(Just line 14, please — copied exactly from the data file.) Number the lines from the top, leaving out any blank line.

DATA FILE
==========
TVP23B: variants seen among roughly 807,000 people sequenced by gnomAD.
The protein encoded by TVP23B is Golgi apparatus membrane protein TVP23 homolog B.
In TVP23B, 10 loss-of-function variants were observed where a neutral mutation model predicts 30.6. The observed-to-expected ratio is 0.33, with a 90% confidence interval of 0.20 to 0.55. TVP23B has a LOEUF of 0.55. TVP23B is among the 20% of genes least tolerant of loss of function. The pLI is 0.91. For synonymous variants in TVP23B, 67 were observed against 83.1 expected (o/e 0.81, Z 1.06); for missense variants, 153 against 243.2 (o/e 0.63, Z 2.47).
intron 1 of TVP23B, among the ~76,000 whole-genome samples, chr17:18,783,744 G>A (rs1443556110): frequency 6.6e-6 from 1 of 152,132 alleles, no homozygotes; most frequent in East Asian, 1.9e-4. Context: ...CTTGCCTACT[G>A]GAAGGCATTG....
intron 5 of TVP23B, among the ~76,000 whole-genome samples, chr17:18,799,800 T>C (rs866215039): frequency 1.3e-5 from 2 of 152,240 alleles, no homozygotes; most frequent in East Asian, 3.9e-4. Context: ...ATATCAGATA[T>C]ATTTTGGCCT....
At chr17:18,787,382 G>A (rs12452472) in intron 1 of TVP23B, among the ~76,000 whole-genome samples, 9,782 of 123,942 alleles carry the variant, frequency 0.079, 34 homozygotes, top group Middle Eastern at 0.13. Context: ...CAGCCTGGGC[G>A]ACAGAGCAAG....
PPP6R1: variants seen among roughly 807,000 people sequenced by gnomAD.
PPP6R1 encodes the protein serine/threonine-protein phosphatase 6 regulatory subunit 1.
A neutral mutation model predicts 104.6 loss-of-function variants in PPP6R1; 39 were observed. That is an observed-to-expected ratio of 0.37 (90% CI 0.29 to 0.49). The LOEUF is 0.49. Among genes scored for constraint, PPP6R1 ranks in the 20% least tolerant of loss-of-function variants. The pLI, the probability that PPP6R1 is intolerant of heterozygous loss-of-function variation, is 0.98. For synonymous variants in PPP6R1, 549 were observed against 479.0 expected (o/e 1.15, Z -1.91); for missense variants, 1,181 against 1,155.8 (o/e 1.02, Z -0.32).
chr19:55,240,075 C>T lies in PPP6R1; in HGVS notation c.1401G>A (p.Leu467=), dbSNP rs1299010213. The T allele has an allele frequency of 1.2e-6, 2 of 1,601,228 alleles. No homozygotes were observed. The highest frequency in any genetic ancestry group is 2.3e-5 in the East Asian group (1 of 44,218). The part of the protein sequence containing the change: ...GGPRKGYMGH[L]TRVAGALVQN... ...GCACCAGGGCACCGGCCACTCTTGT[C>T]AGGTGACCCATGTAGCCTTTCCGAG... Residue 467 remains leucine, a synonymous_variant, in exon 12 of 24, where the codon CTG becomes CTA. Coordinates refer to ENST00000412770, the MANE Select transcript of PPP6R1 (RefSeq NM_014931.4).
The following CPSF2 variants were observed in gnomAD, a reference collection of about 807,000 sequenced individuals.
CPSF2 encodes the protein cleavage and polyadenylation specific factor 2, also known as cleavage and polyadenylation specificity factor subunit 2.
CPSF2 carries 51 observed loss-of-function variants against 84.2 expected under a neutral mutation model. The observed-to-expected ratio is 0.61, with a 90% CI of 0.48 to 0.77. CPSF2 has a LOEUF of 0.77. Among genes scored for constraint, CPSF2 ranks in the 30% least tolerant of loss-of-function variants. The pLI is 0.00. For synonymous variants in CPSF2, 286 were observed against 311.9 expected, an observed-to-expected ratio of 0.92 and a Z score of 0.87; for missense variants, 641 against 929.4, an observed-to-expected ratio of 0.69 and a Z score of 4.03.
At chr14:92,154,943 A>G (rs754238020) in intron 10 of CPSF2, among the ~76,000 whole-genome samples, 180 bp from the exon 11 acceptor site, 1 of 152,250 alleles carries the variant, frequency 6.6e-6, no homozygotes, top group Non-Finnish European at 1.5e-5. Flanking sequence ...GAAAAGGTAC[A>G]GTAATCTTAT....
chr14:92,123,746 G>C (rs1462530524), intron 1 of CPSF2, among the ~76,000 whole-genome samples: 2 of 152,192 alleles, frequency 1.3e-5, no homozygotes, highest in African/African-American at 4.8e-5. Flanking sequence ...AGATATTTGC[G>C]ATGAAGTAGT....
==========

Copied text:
At chr14:92,154,943 A>G (rs754238020) in intron 10 of CPSF2, among the ~76,000 whole-genome samples, 180 bp from the exon 11 acceptor site, 1 of 152,250 alleles carries the variant, frequency 6.6e-6, no homozygotes, top group Non-Finnish European at 1.5e-5. Flanking sequence ...GAAAAGGTAC[A>G]GTAATCTTAT....